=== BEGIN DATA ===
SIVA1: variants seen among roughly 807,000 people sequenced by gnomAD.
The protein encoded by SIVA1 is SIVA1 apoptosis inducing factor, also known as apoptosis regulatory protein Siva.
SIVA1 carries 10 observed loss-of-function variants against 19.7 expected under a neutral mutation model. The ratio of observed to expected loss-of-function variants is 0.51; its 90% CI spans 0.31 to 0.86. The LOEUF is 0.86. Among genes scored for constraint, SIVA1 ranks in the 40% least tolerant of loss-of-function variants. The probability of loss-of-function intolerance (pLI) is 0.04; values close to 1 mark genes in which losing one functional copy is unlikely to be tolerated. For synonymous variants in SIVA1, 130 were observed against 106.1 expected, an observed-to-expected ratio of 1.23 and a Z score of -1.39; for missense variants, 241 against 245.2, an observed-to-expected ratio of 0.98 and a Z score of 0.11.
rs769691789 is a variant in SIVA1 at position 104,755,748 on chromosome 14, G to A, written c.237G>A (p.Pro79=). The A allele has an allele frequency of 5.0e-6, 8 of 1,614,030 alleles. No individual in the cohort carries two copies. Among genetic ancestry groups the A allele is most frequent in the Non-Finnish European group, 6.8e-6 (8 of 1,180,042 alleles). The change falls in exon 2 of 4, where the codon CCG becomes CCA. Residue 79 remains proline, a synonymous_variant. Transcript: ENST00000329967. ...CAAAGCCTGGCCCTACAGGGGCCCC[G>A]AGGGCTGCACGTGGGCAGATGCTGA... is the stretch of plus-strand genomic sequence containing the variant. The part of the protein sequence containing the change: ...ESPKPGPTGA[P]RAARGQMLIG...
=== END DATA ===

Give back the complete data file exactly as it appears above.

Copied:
SIVA1: variants seen among roughly 807,000 people sequenced by gnomAD.
The protein encoded by SIVA1 is SIVA1 apoptosis inducing factor, also known as apoptosis regulatory protein Siva.
SIVA1 carries 10 observed loss-of-function variants against 19.7 expected under a neutral mutation model. The ratio of observed to expected loss-of-function variants is 0.51; its 90% CI spans 0.31 to 0.86. The LOEUF is 0.86. Among genes scored for constraint, SIVA1 ranks in the 40% least tolerant of loss-of-function variants. The probability of loss-of-function intolerance (pLI) is 0.04; values close to 1 mark genes in which losing one functional copy is unlikely to be tolerated. For synonymous variants in SIVA1, 130 were observed against 106.1 expected, an observed-to-expected ratio of 1.23 and a Z score of -1.39; for missense variants, 241 against 245.2, an observed-to-expected ratio of 0.98 and a Z score of 0.11.
rs769691789 is a variant in SIVA1 at position 104,755,748 on chromosome 14, G to A, written c.237G>A (p.Pro79=). The A allele has an allele frequency of 5.0e-6, 8 of 1,614,030 alleles. No individual in the cohort carries two copies. Among genetic ancestry groups the A allele is most frequent in the Non-Finnish European group, 6.8e-6 (8 of 1,180,042 alleles). The change falls in exon 2 of 4, where the codon CCG becomes CCA. Residue 79 remains proline, a synonymous_variant. Transcript: ENST00000329967. ...CAAAGCCTGGCCCTACAGGGGCCCC[G>A]AGGGCTGCACGTGGGCAGATGCTGA... is the stretch of plus-strand genomic sequence containing the variant. The part of the protein sequence containing the change: ...ESPKPGPTGA[P]RAARGQMLIG...